A rich measure of the emotional tone of the narrative is the affect. Being a ‘felt emotion’, it is a potent indicator of future behaviour. Empathy with the emotional drivers enables one to understand and respond aptly to the emotional impact of the narrative.
Well-being has a broad canvas (Figure 5). “Happiness, a sense of good and world” are compelling current topics in Japan in June 2019. Yet, they are relatively passive when compared to the topical themes in the UK at the same time. There it was more about “action, vital role, health, the well-being process, goals, and principles of sustainable development.”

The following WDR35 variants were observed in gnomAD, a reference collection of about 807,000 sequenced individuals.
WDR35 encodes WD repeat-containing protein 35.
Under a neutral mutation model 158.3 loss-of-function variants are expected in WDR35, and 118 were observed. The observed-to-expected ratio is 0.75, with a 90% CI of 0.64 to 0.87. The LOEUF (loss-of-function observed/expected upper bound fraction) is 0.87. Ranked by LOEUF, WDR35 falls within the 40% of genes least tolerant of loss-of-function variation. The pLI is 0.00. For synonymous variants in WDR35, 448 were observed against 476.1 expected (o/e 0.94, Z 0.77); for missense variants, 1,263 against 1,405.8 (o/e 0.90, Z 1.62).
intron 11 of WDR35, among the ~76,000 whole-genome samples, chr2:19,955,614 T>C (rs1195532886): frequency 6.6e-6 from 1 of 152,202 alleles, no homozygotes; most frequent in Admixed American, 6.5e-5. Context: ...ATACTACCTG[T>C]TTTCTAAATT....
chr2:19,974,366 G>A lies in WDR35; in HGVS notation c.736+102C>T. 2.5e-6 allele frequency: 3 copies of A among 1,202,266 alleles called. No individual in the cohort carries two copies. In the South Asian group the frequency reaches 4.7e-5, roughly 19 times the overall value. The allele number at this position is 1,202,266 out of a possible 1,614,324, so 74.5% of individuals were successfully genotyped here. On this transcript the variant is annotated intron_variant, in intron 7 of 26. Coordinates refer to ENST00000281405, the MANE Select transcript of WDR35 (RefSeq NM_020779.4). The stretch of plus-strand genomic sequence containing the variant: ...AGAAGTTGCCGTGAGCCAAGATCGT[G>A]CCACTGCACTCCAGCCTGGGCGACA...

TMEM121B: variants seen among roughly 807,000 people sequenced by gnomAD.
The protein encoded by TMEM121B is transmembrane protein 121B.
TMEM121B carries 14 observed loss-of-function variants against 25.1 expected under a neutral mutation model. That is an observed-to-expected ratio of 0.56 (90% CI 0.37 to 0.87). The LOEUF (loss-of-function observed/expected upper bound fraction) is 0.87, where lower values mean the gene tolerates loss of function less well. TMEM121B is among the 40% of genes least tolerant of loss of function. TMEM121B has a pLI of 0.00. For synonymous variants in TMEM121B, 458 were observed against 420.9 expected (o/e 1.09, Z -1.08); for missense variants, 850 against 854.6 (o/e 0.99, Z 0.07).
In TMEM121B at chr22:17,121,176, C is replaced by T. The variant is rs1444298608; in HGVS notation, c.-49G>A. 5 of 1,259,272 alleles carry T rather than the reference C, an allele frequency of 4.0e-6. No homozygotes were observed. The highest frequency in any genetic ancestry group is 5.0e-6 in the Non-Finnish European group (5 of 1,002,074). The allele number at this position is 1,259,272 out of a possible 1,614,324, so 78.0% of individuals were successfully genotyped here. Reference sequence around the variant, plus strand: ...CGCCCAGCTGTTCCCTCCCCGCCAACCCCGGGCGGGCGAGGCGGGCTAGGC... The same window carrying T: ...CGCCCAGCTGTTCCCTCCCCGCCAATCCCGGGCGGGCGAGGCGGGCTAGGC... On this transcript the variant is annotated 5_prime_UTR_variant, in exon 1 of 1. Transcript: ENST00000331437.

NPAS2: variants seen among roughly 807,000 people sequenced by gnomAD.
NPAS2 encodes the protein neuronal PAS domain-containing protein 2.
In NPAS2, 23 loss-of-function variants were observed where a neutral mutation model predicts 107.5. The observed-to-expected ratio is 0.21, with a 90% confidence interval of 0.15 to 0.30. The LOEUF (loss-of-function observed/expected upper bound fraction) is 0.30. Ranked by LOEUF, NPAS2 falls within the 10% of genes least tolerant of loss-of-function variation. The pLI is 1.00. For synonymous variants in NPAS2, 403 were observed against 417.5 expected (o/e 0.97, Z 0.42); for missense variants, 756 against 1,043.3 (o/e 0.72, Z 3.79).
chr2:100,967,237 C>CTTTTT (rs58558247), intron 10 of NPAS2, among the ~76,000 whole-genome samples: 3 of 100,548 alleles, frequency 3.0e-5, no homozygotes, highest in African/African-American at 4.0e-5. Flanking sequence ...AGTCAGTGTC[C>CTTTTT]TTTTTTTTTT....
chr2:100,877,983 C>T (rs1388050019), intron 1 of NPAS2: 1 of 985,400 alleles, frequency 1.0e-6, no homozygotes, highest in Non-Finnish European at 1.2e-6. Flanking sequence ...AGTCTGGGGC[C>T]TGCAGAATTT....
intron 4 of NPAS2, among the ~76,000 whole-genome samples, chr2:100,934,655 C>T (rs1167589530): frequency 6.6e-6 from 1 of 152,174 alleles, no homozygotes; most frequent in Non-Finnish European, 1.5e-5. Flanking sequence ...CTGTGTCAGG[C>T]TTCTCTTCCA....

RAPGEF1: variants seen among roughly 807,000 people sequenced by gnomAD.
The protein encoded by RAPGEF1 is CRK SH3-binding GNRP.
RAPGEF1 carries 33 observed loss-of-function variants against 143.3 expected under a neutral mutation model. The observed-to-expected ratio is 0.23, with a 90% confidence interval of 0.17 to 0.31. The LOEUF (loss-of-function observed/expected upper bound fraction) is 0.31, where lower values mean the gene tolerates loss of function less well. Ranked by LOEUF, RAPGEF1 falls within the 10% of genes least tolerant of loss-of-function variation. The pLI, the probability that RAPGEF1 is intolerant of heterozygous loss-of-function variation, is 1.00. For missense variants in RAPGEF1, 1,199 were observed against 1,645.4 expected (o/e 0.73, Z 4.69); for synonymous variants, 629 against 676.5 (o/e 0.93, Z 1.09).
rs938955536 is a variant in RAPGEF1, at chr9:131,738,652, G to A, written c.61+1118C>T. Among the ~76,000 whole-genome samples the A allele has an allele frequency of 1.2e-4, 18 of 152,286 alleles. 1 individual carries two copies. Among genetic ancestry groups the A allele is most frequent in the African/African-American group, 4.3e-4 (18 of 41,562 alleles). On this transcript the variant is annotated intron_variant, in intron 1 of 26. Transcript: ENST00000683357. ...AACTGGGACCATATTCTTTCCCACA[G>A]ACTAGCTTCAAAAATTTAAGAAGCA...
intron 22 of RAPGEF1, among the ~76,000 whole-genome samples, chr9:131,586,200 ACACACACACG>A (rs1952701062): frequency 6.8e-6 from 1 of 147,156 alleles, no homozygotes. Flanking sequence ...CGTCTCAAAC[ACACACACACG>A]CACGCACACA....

In the emotional response diagram, positive emotions are highlighted in green, whereas negative emotions are red. If there is a clear tonality to the emotions expressed, such as expectation or apprehension, these are shown in purple. The intensity of the colour indicates the intensity of each emotion. The width of each arc reflects the degree to which the named emotion contributes to the overall emotional response. Broad emotions, such as fear and love, are closer to the centre of the chart. The more subtle emotions, which promote those broad emotions, are shown in the concentric rings further out from the centre. Each ring shows a further level of detail. It is usual for these more subtle emotions to have a larger cognitive component.